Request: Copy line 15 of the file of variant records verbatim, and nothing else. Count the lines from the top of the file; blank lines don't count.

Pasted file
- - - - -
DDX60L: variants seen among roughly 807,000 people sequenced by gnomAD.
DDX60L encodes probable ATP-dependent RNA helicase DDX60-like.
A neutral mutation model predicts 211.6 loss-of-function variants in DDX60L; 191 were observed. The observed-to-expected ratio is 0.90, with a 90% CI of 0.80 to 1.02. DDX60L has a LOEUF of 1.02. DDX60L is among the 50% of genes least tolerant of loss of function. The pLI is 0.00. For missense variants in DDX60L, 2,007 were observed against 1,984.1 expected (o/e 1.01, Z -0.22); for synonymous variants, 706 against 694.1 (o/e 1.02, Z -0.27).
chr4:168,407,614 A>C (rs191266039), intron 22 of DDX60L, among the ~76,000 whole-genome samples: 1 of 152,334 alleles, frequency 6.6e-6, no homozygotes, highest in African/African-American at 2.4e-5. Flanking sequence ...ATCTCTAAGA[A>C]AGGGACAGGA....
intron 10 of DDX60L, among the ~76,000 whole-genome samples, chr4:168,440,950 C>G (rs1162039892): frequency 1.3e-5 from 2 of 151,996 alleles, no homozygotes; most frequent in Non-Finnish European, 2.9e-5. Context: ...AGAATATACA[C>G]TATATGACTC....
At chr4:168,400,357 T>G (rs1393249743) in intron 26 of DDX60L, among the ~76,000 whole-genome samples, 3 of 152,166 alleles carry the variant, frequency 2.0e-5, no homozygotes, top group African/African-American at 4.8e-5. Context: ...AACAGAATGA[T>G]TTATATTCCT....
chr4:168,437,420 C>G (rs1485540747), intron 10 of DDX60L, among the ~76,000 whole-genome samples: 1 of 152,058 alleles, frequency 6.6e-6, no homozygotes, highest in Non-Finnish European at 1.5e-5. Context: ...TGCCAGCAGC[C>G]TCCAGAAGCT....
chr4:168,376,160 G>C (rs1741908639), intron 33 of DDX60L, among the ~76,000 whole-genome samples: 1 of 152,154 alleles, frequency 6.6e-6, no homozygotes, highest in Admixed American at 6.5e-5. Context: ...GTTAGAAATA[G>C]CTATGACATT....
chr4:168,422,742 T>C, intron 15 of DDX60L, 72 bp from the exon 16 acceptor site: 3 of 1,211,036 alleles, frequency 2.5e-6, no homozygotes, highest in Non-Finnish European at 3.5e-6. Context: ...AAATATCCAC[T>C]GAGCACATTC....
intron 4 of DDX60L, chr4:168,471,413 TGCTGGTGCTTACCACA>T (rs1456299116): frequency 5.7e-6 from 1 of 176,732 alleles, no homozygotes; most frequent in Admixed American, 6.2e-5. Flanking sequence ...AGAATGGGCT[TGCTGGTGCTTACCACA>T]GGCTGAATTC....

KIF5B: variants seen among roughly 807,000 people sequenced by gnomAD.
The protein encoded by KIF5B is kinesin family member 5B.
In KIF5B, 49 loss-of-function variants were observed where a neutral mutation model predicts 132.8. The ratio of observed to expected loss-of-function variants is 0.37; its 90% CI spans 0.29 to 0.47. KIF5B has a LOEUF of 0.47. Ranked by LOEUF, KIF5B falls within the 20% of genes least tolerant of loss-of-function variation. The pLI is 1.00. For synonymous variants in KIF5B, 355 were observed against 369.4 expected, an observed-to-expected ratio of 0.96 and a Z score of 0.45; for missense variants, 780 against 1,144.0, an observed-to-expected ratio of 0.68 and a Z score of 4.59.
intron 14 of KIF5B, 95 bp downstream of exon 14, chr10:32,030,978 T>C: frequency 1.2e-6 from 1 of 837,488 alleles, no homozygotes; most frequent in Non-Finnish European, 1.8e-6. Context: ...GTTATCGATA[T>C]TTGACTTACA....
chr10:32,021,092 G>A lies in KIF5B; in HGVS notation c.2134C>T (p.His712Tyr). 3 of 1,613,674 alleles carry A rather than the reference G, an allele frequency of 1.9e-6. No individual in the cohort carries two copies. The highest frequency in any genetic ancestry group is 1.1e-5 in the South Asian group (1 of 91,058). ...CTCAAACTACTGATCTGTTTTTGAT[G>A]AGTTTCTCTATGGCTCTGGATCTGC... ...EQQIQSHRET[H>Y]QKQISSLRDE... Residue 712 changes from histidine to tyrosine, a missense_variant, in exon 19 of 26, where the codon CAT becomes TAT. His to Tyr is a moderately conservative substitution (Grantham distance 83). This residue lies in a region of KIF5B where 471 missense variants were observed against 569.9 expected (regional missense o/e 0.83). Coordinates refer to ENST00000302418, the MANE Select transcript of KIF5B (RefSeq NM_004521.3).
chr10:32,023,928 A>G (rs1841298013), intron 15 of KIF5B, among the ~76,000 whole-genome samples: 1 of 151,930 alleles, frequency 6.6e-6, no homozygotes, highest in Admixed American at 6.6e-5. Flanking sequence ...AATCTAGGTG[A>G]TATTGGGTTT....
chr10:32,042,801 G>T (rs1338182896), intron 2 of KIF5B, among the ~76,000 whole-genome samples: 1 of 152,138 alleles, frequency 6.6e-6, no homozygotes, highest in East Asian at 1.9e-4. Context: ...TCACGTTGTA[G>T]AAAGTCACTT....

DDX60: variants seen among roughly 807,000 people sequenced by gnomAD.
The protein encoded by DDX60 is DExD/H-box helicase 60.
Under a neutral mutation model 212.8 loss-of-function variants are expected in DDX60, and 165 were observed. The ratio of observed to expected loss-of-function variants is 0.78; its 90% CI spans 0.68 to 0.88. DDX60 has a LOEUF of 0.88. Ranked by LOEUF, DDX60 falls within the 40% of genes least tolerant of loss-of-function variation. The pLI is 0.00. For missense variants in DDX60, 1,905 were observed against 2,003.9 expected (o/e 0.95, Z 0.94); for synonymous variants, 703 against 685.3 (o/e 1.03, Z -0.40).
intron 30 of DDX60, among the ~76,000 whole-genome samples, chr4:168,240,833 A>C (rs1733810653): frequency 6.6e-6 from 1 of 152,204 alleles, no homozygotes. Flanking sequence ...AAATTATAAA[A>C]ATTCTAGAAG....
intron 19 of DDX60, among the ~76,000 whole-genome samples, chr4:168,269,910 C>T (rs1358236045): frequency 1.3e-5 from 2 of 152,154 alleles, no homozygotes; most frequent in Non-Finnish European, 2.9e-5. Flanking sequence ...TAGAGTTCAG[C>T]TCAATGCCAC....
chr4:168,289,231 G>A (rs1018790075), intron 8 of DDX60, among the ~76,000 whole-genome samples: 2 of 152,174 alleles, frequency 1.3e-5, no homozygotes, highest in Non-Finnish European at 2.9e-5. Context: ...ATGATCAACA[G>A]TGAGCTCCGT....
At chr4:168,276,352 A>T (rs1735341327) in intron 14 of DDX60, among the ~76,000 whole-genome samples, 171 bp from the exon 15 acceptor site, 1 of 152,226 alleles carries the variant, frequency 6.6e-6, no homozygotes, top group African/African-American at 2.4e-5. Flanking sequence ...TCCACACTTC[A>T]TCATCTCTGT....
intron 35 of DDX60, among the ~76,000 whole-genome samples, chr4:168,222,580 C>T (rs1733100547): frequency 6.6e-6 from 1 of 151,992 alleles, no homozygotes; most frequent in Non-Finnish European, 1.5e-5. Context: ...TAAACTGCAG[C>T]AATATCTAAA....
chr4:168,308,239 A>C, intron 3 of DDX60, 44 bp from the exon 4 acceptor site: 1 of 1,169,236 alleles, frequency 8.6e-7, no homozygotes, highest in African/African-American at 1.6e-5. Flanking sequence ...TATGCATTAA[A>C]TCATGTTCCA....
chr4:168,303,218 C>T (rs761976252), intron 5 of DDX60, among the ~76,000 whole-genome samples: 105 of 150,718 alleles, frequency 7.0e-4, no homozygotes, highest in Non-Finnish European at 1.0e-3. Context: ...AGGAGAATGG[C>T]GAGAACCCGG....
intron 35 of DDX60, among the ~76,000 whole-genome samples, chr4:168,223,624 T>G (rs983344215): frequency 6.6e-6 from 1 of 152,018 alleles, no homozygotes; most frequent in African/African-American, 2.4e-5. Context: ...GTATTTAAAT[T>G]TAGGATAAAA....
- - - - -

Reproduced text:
chr10:32,021,092 G>A lies in KIF5B; in HGVS notation c.2134C>T (p.His712Tyr). 3 of 1,613,674 alleles carry A rather than the reference G, an allele frequency of 1.9e-6. No individual in the cohort carries two copies. The highest frequency in any genetic ancestry group is 1.1e-5 in the South Asian group (1 of 91,058). ...CTCAAACTACTGATCTGTTTTTGAT[G>A]AGTTTCTCTATGGCTCTGGATCTGC... ...EQQIQSHRET[H>Y]QKQISSLRDE... Residue 712 changes from histidine to tyrosine, a missense_variant, in exon 19 of 26, where the codon CAT becomes TAT. His to Tyr is a moderately conservative substitution (Grantham distance 83). This residue lies in a region of KIF5B where 471 missense variants were observed against 569.9 expected (regional missense o/e 0.83). Coordinates refer to ENST00000302418, the MANE Select transcript of KIF5B (RefSeq NM_004521.3).